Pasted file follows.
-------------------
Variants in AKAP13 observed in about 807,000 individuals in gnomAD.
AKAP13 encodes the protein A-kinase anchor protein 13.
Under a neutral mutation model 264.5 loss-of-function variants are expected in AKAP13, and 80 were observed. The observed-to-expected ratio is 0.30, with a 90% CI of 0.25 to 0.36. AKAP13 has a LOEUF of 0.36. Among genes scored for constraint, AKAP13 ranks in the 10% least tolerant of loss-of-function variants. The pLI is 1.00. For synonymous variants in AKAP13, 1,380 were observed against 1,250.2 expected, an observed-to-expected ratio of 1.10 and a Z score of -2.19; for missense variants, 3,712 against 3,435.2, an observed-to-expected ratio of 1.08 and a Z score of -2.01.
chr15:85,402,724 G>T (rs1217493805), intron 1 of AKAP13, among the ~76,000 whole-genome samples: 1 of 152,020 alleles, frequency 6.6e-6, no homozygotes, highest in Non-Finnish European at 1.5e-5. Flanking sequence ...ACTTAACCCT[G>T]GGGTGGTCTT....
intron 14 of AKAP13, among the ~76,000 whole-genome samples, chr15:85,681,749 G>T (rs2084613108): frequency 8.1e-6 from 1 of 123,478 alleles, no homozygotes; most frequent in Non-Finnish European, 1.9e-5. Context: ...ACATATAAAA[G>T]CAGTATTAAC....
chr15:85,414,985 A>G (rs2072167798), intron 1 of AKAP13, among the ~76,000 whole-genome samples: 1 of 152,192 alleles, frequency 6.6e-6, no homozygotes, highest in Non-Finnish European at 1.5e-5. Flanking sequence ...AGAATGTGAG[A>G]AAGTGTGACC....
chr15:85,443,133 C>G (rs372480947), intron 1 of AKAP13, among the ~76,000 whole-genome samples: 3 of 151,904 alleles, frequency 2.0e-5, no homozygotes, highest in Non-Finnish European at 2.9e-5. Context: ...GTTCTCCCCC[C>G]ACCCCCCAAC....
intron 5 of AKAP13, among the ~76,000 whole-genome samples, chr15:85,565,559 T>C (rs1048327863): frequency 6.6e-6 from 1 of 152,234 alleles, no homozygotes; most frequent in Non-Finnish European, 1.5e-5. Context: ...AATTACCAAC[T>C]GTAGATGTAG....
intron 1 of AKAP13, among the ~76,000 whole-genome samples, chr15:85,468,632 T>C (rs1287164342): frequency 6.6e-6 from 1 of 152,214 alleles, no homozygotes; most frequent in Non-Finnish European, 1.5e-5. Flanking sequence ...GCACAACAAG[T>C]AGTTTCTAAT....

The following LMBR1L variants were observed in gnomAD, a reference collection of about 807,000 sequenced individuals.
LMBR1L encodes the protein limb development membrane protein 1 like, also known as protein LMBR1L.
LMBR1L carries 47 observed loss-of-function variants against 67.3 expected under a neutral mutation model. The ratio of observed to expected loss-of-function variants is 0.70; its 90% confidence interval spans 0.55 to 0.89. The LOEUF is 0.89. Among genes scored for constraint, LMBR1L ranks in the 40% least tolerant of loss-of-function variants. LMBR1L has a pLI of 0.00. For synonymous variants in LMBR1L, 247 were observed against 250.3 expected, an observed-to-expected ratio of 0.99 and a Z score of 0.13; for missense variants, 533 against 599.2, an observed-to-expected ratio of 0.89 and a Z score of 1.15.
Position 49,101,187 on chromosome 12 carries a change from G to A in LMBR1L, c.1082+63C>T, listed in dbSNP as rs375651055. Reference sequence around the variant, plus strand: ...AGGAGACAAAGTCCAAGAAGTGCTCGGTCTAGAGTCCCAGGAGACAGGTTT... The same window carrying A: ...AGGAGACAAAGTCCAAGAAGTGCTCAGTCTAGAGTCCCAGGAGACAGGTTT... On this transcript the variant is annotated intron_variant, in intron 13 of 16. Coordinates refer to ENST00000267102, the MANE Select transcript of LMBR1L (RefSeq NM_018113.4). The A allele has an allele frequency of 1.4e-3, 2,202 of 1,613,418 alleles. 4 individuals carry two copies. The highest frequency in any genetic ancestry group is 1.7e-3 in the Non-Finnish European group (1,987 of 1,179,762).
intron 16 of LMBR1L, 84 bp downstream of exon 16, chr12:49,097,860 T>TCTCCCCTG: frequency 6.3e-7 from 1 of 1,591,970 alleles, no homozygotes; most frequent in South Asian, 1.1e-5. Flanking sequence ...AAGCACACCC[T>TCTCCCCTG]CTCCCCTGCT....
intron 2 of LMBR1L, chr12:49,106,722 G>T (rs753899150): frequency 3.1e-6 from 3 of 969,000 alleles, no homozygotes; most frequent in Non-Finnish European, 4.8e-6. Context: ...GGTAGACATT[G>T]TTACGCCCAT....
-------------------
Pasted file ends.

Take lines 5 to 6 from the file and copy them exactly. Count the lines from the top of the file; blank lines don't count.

intron 14 of AKAP13, among the ~76,000 whole-genome samples, chr15:85,681,749 G>T (rs2084613108): frequency 8.1e-6 from 1 of 123,478 alleles, no homozygotes; most frequent in Non-Finnish European, 1.9e-5. Context: ...ACATATAAAA[G>T]CAGTATTAAC....
chr15:85,414,985 A>G (rs2072167798), intron 1 of AKAP13, among the ~76,000 whole-genome samples: 1 of 152,192 alleles, frequency 6.6e-6, no homozygotes, highest in Non-Finnish European at 1.5e-5. Flanking sequence ...AGAATGTGAG[A>G]AAGTGTGACC....